Proving that we will listen to Damion talk about anything, we then listened as he gave a gloriously, wildly unfocused talk on online game design. The whole thing. It’s a tribute to Damion’s skill as a presenter and the strength of his ideas that this wasn’t necessarily a bad thing. His talk veered wildly from tips on reducing decision points for players leaving your game (hint: you probably can’t do a lot about guild drama or little Timmy discovering girls are cool) to adding a new combatant to the game vs world debate, namely”community”, or the social aspect of games. He postulated that all game communities drive their games to the natural center of game vs world vs community in terms of requested/demanded features; not something I personally agree with (the demands of Maple Story customers are somewhat different from those of Star Wars Galaxies players) and also explained how you could learn a lot about customer satisfaction from cup holders. Specifically, how they fit in cars (or don’t) and how repeat car buyers tend to check for comfortable cup holders and comfortable MMOs.
Didn’t do too much of the party circuit this year; mainly because I’m a cranky old man who likes drinking at home where pants are optional. I did try to score a ticket to the CCP/White Wolf party solely on the recommendation of people who said the White Wolf party at GDC was a Fellini-esque spectacle of debauchery, but (a) it was actually much like every other party at AGC, namely a lot of geeks crowded into a hot open bar, and (b) White Wolf wanted you to leave a resume with them as collateral. Well, to paraphrase Lucien LaChance of the Dark Brotherhood, dear brothers, I do not distribute resumes, I collect them. So my partying was limited mostly to friends and associates, which is probably as it should be.
CEOs Gone Wild
AGDC’s improvement on last year’s rant session was to have CEOs do the ranting. My takeaway from this is that you probably shouldn’t let your CEO out in public. (I was the one who asked the Q about WoW RMT.)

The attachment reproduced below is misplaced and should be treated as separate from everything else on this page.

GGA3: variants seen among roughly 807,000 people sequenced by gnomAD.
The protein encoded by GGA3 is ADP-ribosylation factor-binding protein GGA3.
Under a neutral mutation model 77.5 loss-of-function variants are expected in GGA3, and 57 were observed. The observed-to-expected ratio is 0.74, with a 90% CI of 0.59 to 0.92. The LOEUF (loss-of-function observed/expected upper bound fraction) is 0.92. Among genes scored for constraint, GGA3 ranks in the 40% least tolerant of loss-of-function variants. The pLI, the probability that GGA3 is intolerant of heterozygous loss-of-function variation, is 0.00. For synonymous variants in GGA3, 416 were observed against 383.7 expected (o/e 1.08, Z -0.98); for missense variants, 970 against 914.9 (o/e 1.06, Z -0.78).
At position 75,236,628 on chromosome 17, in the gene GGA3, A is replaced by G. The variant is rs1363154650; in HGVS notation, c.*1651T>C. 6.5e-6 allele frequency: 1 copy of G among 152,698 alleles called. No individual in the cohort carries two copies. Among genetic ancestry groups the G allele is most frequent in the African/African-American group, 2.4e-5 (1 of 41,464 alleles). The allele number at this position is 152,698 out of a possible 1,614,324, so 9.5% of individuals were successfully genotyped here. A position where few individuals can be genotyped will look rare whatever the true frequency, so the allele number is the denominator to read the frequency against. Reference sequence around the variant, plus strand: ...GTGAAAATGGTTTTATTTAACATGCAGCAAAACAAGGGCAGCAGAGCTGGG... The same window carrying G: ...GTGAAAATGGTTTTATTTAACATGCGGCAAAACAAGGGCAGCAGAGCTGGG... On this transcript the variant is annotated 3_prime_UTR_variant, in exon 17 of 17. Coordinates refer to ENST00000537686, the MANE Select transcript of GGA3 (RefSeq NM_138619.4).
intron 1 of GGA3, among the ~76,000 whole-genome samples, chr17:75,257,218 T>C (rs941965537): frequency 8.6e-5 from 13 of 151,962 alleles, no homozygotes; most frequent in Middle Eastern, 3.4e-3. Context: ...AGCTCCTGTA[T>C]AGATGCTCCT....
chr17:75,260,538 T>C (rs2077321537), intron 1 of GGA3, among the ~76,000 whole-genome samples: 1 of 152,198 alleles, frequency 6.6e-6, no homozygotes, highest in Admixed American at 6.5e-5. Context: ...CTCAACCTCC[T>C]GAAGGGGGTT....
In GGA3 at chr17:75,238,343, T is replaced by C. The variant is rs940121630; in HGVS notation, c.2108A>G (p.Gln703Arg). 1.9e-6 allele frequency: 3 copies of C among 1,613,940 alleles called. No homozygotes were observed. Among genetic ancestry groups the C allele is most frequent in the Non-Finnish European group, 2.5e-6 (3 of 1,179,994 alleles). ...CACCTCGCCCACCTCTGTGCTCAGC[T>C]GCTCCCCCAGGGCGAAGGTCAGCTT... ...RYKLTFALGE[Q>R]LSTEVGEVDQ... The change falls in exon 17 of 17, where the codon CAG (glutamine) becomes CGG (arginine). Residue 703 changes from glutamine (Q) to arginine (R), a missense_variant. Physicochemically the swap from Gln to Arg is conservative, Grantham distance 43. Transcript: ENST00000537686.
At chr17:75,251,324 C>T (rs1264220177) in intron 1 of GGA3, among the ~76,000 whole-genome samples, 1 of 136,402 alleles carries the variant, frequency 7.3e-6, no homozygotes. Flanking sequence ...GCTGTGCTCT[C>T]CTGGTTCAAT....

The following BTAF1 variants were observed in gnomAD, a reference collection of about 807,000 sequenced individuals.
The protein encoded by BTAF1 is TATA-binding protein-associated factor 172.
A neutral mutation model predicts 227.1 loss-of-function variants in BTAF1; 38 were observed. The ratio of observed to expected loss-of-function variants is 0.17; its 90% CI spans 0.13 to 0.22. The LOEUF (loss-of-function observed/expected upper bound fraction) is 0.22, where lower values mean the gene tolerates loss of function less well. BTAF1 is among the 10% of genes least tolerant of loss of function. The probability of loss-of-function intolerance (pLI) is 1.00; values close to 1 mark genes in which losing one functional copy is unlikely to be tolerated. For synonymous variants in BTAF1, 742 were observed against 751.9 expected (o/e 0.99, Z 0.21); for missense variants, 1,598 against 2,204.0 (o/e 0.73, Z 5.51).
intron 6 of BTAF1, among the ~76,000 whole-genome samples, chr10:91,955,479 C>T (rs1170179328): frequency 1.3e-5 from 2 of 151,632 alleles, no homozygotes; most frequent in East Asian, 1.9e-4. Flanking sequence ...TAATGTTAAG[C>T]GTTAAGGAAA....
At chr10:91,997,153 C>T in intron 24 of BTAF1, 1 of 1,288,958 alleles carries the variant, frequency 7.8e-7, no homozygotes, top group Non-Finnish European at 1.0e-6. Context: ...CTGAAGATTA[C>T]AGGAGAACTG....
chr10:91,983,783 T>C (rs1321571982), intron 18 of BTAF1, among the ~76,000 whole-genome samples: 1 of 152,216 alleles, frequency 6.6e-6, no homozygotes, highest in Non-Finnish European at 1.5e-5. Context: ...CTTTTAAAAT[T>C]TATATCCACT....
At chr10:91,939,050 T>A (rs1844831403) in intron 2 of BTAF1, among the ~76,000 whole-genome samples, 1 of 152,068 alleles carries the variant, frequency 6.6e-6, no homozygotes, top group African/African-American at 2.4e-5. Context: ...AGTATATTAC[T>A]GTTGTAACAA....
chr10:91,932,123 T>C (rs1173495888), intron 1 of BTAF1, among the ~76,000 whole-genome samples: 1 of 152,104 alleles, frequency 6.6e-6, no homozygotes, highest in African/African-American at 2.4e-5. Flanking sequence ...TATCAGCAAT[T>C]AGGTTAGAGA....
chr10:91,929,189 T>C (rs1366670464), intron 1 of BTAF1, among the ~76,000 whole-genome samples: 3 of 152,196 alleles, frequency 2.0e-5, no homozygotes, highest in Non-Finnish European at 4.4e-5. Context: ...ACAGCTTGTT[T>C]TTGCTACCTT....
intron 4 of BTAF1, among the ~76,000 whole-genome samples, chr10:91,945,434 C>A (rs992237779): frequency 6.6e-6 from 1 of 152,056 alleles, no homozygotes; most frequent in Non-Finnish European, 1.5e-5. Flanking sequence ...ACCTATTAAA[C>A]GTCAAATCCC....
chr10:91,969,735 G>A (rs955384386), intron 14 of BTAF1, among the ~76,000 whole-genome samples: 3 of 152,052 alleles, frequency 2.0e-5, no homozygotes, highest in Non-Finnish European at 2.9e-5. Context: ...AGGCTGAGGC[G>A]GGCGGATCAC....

AGDC was under the new management of the GDC folks this year (as noted by it being AGDC and not just AGC) and the experience wasn’t a good one. The convention was vastly overbooked, with the exact same amount of space as last year, combined with (at least from anecdotal observation) at least a good third as many more people. What this meant was that if you didn’t run from one session to another, you weren’t going to get a seat. More than once I simply couldn’t attend any sessions because I didn’t show up 20 minutes early and was turned away at the door. The pinnacle of this was when I was seated patiently at one along with a full house of others, only to be told 5 minutes after its scheduled start “Sorry, it’s cancelled.” Oh well. Since game developers are notorious slackers who have the attention spans of gnats this did improve as people started blowing off the conference, especially on Day 3. But still, it was quite irksome to not actually be able to take advantage of the conference pass my company paid for. I did get to have some interesting bull sessions with other developers, but, um, living in Austin I do that all the time already.
I routinely recommend to online game developers that if they attend one show a year it should be AGC. I probably still do now, after this year, but it will be with reluctance and caveats. AGDC is more like GDC than AGC now, and for those keeping score that is not a good thing.